"Teaching a Novel: 6 Unique Ways to Introduce a Novel to Your Students"
by James Guilford
There is nothing more exciting than introducing students to a great piece of literature. Conversely, there is nothing more disappointing than students' lack of enthusiasm about a book you truly love. Unfortunately, your fervor about a novel does not always translate into cheers and applause on the part of your students. Reading a novel requires a lot of investment. Even novels with high-action plots take a while to build momentum. How can you quickly bolster students' interest at the start of a new book? Below are six sure-fire ways to get your class excited about a new novel.
PLOT PIECES. Divide students into groups. Assign each group one page from a different part of the novel. After they have read the page, ask students to compose a paragraph that outlines the plot of the novel. To do this, students will have to use context clues gleaned from their excerpt. Ask students to elect a representative from each group to present their plot summaries. Compare plot summaries and revisit these summaries at the end of the novel. Asking students to conjecture the plot of the novel will pique their interest in the book and help them extract information from context clues.
FIRST IMPRESSIONS. Ask students to read the first page of text silently. Next, ask for a volunteer to read the first page aloud. Then, ask students to write down as many things as possible that they have learned from the first page. Next, ask students to write down three questions they have based on their reading of the first page. This activity will help students read context clues and it will teach them to site text evidence when making generalizations about a novel.
COVER UP. Read a summary of the novel from the back cover, from the inside flaps, or from an Internet source. If you prefer to leave the novel a mystery, read an excerpt from a select part of the book. You can also print out this summary or excerpt so that students can refer to it. Next, ask students to design a cover based on information gleaned from the summary or excerpt. Allow students to explain their cover design. If you are reading a novel that is divided into parts, have students design a cover at the end of each part of the novel. Revisit cover designs at the completion of the novel and ask students to write a paragraph discussing their various understandings of the novel. This activity will help students chart the ways their understanding developed throughout the reading.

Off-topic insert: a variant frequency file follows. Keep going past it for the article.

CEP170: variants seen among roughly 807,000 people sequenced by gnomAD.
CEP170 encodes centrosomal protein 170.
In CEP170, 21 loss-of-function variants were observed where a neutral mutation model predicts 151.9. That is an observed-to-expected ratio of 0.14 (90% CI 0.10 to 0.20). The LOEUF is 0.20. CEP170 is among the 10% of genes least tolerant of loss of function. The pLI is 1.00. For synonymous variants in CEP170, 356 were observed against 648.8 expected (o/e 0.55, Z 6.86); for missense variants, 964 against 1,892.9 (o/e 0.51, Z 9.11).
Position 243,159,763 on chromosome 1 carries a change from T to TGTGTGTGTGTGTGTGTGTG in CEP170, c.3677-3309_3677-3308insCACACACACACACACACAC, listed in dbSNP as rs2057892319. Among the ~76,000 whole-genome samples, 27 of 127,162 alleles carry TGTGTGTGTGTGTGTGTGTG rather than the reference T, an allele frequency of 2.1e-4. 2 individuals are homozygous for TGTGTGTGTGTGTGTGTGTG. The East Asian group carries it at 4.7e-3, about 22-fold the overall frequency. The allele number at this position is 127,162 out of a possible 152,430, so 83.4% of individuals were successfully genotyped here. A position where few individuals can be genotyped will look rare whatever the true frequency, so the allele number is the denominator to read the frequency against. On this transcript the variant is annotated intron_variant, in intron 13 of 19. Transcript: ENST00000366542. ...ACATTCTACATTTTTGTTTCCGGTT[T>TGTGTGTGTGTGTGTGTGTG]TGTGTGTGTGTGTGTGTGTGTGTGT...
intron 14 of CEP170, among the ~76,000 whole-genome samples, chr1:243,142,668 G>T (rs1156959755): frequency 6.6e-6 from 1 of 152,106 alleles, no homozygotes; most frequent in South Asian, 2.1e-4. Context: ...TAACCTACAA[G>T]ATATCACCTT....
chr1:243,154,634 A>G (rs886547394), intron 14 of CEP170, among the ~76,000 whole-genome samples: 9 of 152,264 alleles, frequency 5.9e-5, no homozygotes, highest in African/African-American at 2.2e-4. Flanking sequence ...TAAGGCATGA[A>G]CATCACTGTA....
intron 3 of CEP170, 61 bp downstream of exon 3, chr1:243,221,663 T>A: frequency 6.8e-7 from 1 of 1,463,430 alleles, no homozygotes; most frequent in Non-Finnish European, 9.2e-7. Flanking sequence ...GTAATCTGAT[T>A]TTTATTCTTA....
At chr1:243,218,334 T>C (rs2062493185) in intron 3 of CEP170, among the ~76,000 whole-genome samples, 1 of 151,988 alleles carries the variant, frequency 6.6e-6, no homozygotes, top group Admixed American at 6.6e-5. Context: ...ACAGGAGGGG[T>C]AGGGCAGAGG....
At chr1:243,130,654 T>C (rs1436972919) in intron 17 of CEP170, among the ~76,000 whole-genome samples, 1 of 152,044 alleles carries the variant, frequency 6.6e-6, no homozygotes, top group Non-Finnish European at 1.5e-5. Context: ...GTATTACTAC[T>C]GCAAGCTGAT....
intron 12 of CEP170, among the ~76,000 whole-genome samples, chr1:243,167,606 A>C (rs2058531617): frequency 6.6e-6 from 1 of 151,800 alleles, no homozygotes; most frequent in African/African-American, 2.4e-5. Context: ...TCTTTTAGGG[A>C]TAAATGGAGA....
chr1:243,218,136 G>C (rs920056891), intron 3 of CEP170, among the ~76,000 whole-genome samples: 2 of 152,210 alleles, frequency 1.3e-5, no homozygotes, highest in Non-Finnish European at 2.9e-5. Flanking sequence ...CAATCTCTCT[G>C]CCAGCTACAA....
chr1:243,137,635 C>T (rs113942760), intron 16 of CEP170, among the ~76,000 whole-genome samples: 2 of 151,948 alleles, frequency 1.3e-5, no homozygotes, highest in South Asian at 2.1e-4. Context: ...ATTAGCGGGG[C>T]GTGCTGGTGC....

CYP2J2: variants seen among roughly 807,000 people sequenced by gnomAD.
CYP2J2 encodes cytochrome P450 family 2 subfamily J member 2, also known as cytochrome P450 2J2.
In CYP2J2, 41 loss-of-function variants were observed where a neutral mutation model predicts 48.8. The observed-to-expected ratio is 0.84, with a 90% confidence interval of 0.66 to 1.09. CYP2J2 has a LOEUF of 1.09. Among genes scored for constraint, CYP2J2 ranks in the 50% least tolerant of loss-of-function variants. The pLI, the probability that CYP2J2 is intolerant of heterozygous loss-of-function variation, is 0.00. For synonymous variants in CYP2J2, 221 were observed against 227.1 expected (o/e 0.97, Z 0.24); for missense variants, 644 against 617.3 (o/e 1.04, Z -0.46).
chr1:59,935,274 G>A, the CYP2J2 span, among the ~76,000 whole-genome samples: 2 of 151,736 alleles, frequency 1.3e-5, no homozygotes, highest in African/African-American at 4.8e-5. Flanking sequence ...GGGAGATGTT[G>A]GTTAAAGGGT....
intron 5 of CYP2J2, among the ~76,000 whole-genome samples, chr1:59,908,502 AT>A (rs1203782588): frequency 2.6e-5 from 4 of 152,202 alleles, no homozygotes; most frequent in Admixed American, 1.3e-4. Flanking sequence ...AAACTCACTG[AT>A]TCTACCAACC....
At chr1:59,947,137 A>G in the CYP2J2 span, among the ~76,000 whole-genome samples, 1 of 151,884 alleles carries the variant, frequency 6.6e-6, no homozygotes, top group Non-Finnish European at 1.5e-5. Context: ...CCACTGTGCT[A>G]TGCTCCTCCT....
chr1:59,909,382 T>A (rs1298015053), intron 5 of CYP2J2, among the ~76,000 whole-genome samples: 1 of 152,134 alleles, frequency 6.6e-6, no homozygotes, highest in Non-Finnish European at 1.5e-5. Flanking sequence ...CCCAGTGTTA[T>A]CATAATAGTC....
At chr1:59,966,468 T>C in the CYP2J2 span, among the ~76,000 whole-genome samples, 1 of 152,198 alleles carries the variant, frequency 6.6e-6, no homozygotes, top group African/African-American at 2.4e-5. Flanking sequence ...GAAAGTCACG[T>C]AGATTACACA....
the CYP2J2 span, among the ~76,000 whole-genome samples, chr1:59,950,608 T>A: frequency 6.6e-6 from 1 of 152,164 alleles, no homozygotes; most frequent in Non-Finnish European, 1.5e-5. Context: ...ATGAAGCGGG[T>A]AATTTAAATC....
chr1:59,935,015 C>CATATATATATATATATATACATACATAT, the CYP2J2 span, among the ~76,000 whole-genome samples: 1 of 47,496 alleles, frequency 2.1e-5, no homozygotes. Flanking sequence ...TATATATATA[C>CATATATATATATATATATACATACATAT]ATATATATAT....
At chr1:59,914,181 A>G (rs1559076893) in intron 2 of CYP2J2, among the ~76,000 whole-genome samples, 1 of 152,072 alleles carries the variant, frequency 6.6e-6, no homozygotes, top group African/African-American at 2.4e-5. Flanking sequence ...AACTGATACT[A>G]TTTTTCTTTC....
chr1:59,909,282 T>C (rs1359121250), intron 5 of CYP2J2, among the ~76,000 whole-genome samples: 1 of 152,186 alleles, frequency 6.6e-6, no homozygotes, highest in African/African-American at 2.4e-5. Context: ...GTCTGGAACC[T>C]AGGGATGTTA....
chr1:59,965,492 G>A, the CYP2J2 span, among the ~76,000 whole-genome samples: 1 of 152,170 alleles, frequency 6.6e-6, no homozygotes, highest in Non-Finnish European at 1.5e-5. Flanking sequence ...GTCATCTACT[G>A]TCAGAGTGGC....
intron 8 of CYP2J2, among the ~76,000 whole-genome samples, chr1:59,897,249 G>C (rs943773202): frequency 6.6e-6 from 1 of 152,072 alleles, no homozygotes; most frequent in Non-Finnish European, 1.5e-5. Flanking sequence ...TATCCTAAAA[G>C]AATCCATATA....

FRONT MATTER. Though students read novels throughout their schooling, very few are taught the importance of the title, copyright, and acknowledgments. The pages that contain this information are called the "front matter." In small groups, ask students to explore the front matter of the novel. Instruct students to list 10 things they learned from these pages. In a more open-ended version of this activity, you can ask students to answer the following questions: What does the front matter tell you about what will and what will not be in this novel? What does the front matter tell you about the novel's plot and themes? A good explanation of front matter can be found at Vox Clarus Press' website. Just search "Vox Clarus Front Matter."
LAST LINES. Instruct students to read the last sentence or the last paragraph of the novel silently. Next, ask someone to read these last lines aloud. From these last lines, ask students to draw a comic strip that shows the plot of the novel. Each frame of the comic strip should contain narrative and dialogue. The last frame of the comic strip should be based on information gleaned from the novel's last lines. Thinking about the ending of the novel will whet students' appetite for the actual plot.
BEGINNING AND ENDING. Ask students to read both the first sentence and the last sentence of the novel. Next, ask the students to construct a poem, paragraph, or short story using the first and last sentences of the novel as the first and last sentences for their writing. Your students' writing should summarize what they think will be the plot of the novel. Revisit these summaries at the middle and at the end of the reading. In a reflective paragraph, ask students to compare their initial impressions to the novel's actual plot and themes.
When beginning a new novel, consider using one of the above activities in your classroom. These activities provide a new lens through which to view your new novel. Starting the study of your novel in a unique and unpredictable way will bolster your students' interest and engagement.
Contact the AuthorJames Guilford, a former teacher and dean, is author of the novel THE PENCIL TEST. Add more depth and wow-factor to learning by downloading free lesson plans and chapters from Guilford's young-adult novel at http://www.jamesguilford.com/excerpts__lesson_plans. You can also find resources related to diversity and education on Guilford's site.
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